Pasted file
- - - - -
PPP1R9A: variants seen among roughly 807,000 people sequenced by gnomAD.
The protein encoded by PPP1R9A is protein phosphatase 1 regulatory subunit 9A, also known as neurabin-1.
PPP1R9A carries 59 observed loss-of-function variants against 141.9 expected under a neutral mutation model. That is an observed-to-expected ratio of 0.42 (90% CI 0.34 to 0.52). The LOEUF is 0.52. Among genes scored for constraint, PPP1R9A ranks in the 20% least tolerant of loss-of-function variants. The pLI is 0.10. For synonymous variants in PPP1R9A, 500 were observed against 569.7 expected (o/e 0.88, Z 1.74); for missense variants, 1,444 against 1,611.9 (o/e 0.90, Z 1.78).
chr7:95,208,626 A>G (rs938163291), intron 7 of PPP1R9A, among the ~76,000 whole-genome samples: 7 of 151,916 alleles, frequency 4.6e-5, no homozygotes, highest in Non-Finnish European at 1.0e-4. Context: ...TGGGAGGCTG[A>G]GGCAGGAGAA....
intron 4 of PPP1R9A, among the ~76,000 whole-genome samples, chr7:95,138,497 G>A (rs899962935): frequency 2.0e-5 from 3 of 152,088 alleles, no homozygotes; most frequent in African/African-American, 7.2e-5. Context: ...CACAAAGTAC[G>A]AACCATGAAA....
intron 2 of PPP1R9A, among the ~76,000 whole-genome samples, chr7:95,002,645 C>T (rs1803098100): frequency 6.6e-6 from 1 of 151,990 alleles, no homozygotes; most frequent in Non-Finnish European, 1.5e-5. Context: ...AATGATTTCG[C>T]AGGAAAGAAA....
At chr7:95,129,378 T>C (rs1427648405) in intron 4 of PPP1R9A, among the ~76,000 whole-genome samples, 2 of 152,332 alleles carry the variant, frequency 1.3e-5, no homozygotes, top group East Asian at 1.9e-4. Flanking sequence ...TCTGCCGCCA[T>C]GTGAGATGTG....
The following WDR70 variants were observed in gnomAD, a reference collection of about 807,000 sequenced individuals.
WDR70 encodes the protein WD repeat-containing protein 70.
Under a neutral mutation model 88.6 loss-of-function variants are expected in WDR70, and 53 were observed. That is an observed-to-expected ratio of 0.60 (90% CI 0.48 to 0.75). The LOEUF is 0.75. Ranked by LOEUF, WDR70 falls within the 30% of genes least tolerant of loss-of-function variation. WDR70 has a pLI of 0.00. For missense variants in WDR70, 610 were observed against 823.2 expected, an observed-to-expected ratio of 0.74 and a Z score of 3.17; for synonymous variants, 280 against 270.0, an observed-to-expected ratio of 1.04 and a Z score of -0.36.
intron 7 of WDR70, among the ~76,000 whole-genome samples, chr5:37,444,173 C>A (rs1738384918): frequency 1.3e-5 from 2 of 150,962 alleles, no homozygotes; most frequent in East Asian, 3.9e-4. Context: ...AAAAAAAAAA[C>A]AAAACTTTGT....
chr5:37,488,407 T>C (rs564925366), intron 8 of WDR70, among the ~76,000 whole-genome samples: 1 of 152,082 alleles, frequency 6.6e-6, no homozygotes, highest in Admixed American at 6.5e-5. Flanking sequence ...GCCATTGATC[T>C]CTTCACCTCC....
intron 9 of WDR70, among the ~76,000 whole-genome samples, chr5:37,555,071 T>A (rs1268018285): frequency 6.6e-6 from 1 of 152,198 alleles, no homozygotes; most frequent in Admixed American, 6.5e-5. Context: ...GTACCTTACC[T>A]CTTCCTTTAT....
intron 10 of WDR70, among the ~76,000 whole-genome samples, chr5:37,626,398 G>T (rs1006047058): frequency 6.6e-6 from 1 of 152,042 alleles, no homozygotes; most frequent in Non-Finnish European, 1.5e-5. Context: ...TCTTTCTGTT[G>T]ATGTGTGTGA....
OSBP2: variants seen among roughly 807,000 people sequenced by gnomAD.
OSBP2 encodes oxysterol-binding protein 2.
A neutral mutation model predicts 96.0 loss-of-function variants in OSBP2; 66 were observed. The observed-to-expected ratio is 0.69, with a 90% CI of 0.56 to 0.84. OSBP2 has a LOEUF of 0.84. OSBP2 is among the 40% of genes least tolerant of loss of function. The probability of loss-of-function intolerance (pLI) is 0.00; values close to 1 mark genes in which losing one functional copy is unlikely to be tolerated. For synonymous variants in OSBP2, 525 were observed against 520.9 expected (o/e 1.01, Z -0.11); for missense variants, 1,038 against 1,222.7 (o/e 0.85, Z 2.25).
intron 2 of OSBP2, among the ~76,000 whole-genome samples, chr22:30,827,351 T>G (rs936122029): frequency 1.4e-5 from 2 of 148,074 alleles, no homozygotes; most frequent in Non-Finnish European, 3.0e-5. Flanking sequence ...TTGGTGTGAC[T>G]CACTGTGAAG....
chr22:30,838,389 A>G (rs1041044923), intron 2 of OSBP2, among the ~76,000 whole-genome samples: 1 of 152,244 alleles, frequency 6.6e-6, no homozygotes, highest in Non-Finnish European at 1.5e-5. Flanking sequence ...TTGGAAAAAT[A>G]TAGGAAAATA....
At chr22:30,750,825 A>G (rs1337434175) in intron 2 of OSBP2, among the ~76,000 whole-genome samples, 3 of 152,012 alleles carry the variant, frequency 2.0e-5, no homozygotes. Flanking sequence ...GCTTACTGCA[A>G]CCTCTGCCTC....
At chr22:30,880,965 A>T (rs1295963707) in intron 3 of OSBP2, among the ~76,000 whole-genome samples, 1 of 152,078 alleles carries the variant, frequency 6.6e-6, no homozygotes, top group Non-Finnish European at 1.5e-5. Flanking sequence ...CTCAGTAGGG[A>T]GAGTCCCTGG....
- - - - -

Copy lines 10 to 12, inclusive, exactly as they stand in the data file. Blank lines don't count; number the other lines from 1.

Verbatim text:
Under a neutral mutation model 88.6 loss-of-function variants are expected in WDR70, and 53 were observed. That is an observed-to-expected ratio of 0.60 (90% CI 0.48 to 0.75). The LOEUF is 0.75. Ranked by LOEUF, WDR70 falls within the 30% of genes least tolerant of loss-of-function variation. WDR70 has a pLI of 0.00. For missense variants in WDR70, 610 were observed against 823.2 expected, an observed-to-expected ratio of 0.74 and a Z score of 3.17; for synonymous variants, 280 against 270.0, an observed-to-expected ratio of 1.04 and a Z score of -0.36.
intron 7 of WDR70, among the ~76,000 whole-genome samples, chr5:37,444,173 C>A (rs1738384918): frequency 1.3e-5 from 2 of 150,962 alleles, no homozygotes; most frequent in East Asian, 3.9e-4. Context: ...AAAAAAAAAA[C>A]AAAACTTTGT....
chr5:37,488,407 T>C (rs564925366), intron 8 of WDR70, among the ~76,000 whole-genome samples: 1 of 152,082 alleles, frequency 6.6e-6, no homozygotes, highest in Admixed American at 6.5e-5. Flanking sequence ...GCCATTGATC[T>C]CTTCACCTCC....